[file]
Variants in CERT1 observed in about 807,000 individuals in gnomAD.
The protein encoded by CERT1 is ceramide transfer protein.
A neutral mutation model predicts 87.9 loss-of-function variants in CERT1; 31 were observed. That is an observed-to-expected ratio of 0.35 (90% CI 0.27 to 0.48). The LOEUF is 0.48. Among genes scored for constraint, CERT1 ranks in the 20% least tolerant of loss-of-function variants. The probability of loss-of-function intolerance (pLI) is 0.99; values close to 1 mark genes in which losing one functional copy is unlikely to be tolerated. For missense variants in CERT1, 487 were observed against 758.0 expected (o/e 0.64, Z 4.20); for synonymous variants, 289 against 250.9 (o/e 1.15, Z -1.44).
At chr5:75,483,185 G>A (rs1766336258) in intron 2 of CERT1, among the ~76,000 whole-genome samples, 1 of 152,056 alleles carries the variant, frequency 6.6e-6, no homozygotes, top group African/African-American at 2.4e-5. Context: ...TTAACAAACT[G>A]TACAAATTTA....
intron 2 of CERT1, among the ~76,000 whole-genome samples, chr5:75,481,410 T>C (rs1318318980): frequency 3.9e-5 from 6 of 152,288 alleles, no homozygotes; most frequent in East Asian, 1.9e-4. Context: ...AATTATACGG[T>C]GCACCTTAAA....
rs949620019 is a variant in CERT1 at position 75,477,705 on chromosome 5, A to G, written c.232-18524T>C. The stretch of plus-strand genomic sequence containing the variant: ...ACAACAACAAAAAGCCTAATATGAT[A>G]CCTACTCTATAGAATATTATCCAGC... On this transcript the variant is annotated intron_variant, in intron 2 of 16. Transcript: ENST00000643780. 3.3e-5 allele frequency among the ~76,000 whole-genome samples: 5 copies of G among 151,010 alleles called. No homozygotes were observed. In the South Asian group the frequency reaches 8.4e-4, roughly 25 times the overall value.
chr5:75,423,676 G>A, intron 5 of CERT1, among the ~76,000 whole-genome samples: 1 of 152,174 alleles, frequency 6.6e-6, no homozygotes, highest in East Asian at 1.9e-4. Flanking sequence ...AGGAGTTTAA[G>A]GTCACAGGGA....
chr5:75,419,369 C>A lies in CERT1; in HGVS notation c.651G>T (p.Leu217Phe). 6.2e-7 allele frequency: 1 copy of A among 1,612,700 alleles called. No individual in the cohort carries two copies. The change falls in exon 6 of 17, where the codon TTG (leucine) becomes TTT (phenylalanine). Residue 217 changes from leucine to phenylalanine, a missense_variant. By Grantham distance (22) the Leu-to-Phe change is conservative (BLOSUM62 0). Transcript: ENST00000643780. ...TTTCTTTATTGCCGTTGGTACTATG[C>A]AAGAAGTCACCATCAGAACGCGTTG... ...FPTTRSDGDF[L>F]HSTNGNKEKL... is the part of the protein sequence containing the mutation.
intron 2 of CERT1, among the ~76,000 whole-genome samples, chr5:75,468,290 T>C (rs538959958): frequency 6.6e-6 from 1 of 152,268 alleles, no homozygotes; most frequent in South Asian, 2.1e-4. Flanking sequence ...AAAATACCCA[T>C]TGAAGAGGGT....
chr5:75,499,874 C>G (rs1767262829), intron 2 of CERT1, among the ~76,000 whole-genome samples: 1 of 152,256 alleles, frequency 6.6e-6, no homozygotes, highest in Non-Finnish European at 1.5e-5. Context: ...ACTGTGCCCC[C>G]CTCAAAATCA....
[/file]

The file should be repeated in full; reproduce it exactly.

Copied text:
Variants in CERT1 observed in about 807,000 individuals in gnomAD.
The protein encoded by CERT1 is ceramide transfer protein.
A neutral mutation model predicts 87.9 loss-of-function variants in CERT1; 31 were observed. That is an observed-to-expected ratio of 0.35 (90% CI 0.27 to 0.48). The LOEUF is 0.48. Among genes scored for constraint, CERT1 ranks in the 20% least tolerant of loss-of-function variants. The probability of loss-of-function intolerance (pLI) is 0.99; values close to 1 mark genes in which losing one functional copy is unlikely to be tolerated. For missense variants in CERT1, 487 were observed against 758.0 expected (o/e 0.64, Z 4.20); for synonymous variants, 289 against 250.9 (o/e 1.15, Z -1.44).
At chr5:75,483,185 G>A (rs1766336258) in intron 2 of CERT1, among the ~76,000 whole-genome samples, 1 of 152,056 alleles carries the variant, frequency 6.6e-6, no homozygotes, top group African/African-American at 2.4e-5. Context: ...TTAACAAACT[G>A]TACAAATTTA....
intron 2 of CERT1, among the ~76,000 whole-genome samples, chr5:75,481,410 T>C (rs1318318980): frequency 3.9e-5 from 6 of 152,288 alleles, no homozygotes; most frequent in East Asian, 1.9e-4. Context: ...AATTATACGG[T>C]GCACCTTAAA....
rs949620019 is a variant in CERT1 at position 75,477,705 on chromosome 5, A to G, written c.232-18524T>C. The stretch of plus-strand genomic sequence containing the variant: ...ACAACAACAAAAAGCCTAATATGAT[A>G]CCTACTCTATAGAATATTATCCAGC... On this transcript the variant is annotated intron_variant, in intron 2 of 16. Transcript: ENST00000643780. 3.3e-5 allele frequency among the ~76,000 whole-genome samples: 5 copies of G among 151,010 alleles called. No homozygotes were observed. In the South Asian group the frequency reaches 8.4e-4, roughly 25 times the overall value.
chr5:75,423,676 G>A, intron 5 of CERT1, among the ~76,000 whole-genome samples: 1 of 152,174 alleles, frequency 6.6e-6, no homozygotes, highest in East Asian at 1.9e-4. Flanking sequence ...AGGAGTTTAA[G>A]GTCACAGGGA....
chr5:75,419,369 C>A lies in CERT1; in HGVS notation c.651G>T (p.Leu217Phe). 6.2e-7 allele frequency: 1 copy of A among 1,612,700 alleles called. No individual in the cohort carries two copies. The change falls in exon 6 of 17, where the codon TTG (leucine) becomes TTT (phenylalanine). Residue 217 changes from leucine to phenylalanine, a missense_variant. By Grantham distance (22) the Leu-to-Phe change is conservative (BLOSUM62 0). Transcript: ENST00000643780. ...TTTCTTTATTGCCGTTGGTACTATG[C>A]AAGAAGTCACCATCAGAACGCGTTG... ...FPTTRSDGDF[L>F]HSTNGNKEKL... is the part of the protein sequence containing the mutation.
intron 2 of CERT1, among the ~76,000 whole-genome samples, chr5:75,468,290 T>C (rs538959958): frequency 6.6e-6 from 1 of 152,268 alleles, no homozygotes; most frequent in South Asian, 2.1e-4. Flanking sequence ...AAAATACCCA[T>C]TGAAGAGGGT....
chr5:75,499,874 C>G (rs1767262829), intron 2 of CERT1, among the ~76,000 whole-genome samples: 1 of 152,256 alleles, frequency 6.6e-6, no homozygotes, highest in Non-Finnish European at 1.5e-5. Context: ...ACTGTGCCCC[C>G]CTCAAAATCA....